Genocide denial is a phenomenon that crops up to challenge almost every accepted case of genocide. The genocide committed by the Pakistan army during the Bangladesh Liberation War of 1971 is no exception. Because of the scale of the atrocities in 1971 against a civilian population of 70 million people, it has proved impossible for genocide deniers to claim that the atrocities did not occur. Instead, they have focused on two tactics used to deny most genocides: that the magnitude of the killings was not that great, and that the Pakistan army had no systematic policy of genocide. Continue reading

Trying to remember, refusing to forget

Tazreena Sajjad

Published in the Forum (November 2007)

“No one has the right to forgive those responsible for human rights violations other than the victims themselves … For any process of national reconciliation to succeed the suffering of victims must be acknowledged and impunity tackled.”
– 2007 Statement of the United Nations Assistance Mission in Afghanistan

Do you want to remember or do you want to forget?” If only this question had an easy answer. Remembering is not easy, but forgetting may be impossible, especially when it comes to surviving the atrocities of war. Unresolved questions of how to address the past and deal with the horrific acts of brutality plague a nation: Are prosecutions possible? Should they be national or international? Should indigenous methods of justice and reconciliation take precedence over standardised punitive measures? Is the choice only between a silent peace and a risky justice? Should the nation bury the past, to not risk bringing painful memories back to life and further dividing a fledgling country? Continue reading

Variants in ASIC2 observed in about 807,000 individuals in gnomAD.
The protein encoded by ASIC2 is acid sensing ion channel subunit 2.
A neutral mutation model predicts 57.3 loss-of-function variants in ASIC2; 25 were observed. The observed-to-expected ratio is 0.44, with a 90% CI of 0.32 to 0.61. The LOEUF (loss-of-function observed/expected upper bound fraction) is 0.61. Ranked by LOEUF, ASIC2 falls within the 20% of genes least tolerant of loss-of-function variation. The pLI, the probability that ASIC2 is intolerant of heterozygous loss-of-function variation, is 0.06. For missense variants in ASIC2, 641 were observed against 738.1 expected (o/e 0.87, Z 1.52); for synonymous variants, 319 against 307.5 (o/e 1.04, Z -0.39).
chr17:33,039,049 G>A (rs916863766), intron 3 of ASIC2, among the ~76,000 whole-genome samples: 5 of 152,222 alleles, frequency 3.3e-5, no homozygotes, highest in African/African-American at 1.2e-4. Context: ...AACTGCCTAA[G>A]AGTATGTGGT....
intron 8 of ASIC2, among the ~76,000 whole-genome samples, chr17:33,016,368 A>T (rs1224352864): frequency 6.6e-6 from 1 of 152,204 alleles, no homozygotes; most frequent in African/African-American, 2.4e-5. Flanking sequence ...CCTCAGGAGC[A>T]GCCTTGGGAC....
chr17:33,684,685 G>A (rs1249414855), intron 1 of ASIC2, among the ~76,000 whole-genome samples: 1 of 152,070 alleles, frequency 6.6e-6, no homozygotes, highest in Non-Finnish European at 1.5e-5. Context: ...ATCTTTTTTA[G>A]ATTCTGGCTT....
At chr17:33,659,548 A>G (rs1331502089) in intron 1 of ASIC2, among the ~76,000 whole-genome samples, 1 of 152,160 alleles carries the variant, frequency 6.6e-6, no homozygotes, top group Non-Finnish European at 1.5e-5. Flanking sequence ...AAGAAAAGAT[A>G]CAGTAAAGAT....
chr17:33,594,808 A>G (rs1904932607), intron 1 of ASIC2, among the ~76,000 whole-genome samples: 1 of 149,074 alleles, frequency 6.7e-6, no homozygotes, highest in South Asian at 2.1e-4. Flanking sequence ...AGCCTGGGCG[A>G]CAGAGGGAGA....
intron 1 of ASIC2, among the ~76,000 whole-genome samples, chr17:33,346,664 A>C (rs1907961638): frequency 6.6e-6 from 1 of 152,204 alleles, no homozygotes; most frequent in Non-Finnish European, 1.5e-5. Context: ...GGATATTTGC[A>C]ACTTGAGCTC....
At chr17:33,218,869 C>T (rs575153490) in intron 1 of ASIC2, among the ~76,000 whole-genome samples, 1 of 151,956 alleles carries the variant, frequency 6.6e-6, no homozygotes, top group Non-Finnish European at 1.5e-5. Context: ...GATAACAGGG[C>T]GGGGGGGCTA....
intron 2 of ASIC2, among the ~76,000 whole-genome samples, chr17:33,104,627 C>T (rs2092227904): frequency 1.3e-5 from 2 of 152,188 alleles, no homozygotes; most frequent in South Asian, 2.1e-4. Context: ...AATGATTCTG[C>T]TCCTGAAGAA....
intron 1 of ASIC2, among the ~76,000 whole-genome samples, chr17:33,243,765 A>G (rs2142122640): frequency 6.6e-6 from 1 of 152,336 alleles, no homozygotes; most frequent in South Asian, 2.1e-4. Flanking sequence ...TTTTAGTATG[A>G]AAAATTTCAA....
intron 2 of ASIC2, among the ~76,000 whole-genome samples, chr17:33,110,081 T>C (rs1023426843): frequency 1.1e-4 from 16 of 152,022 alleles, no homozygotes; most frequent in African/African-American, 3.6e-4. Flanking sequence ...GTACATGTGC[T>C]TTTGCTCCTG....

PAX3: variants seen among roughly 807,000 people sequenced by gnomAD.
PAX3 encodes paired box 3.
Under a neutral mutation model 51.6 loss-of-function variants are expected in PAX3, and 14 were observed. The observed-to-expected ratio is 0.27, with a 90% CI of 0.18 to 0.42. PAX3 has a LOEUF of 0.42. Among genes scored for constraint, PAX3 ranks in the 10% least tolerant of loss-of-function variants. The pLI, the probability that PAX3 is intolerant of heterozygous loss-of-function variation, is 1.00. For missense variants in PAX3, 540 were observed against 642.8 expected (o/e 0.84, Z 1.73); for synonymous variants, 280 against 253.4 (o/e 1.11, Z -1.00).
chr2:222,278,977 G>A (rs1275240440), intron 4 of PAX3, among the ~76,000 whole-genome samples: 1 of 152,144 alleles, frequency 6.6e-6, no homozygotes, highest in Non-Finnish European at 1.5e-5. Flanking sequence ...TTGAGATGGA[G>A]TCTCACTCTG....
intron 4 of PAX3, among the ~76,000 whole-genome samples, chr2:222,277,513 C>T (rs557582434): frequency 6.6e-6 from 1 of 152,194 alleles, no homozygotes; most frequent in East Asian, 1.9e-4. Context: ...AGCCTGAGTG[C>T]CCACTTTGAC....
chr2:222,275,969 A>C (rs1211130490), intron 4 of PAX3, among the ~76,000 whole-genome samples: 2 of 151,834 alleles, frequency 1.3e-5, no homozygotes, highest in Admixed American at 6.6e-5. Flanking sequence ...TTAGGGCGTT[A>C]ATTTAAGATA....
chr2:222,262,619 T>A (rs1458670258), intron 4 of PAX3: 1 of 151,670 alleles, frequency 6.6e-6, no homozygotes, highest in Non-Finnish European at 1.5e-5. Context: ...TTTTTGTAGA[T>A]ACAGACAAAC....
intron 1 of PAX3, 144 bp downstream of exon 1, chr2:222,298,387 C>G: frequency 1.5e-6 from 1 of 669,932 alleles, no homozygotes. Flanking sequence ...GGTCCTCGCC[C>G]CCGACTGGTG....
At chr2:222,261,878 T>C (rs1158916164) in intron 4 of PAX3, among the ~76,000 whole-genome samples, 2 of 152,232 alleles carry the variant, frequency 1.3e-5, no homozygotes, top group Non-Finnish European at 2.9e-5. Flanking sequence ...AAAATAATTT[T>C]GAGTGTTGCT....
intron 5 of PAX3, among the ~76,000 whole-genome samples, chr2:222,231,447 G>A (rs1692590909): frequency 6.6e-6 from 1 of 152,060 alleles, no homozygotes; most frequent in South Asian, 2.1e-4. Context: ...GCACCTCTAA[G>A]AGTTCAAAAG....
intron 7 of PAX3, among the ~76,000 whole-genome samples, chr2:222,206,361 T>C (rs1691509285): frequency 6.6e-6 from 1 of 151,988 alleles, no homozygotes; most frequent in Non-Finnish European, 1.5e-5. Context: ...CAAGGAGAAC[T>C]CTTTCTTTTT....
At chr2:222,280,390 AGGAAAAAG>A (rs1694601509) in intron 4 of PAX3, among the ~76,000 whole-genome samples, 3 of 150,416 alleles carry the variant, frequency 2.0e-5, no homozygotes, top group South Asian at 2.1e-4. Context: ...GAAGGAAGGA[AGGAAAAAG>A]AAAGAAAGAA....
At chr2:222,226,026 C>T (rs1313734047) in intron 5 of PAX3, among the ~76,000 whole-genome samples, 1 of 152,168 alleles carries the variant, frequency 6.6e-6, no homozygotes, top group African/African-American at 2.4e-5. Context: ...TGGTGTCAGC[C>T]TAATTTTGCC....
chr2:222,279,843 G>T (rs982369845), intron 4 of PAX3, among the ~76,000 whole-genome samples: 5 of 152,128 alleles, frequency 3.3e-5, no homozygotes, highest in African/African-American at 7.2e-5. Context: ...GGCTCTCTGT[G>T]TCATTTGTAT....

The politics of fear

Tazreena Sajjad

Published in New Age (18 September 2007) 

Today, as a nation, are we afraid? The response is a resounding ‘yes’… Our fears reflect the concerns of our own physical safety and our desperate attempts not to lose the status quo that gives us protection. We fear death, torture, being disappeared, being silenced. We fear the loss of hope. These fears accentuate our powerlessness, and in their extreme form can lead to the erosion of any form of social solidarity, Continue reading

The bhodroloke revolution and its discontents

Asif Yousuf and Jyoti Rahman

Published in The Daily Star (11 July 2007)

A bhodroloke revolution is said to have taken place in Bangladesh. At least that is how the events of January11 were advertised to an international audience by the foreign affairs advisor Dr. Iftekhar Ahmed Chowdhury at the Australian National University on June13.

Dr. Chowdhury started his talk, titled “Evolving Challenges for Bangladesh in South Asia,” with the history of Bengal and South Asia. He noted the 19th century Bengal renaissance and the rise of the bhodroloke class.

He noted the intellectual accomplishments of the bhodroloke from Tagore to Dr. Yunus. Then he stated that the current government is the result of today’s bhodroloke class — composed of professionals and academics, the large NGO sector, and an army that is thoroughly imbued with the “UN values” — asserting its power to save the nation from imminent collapse after an extended period of political impasse. Continue reading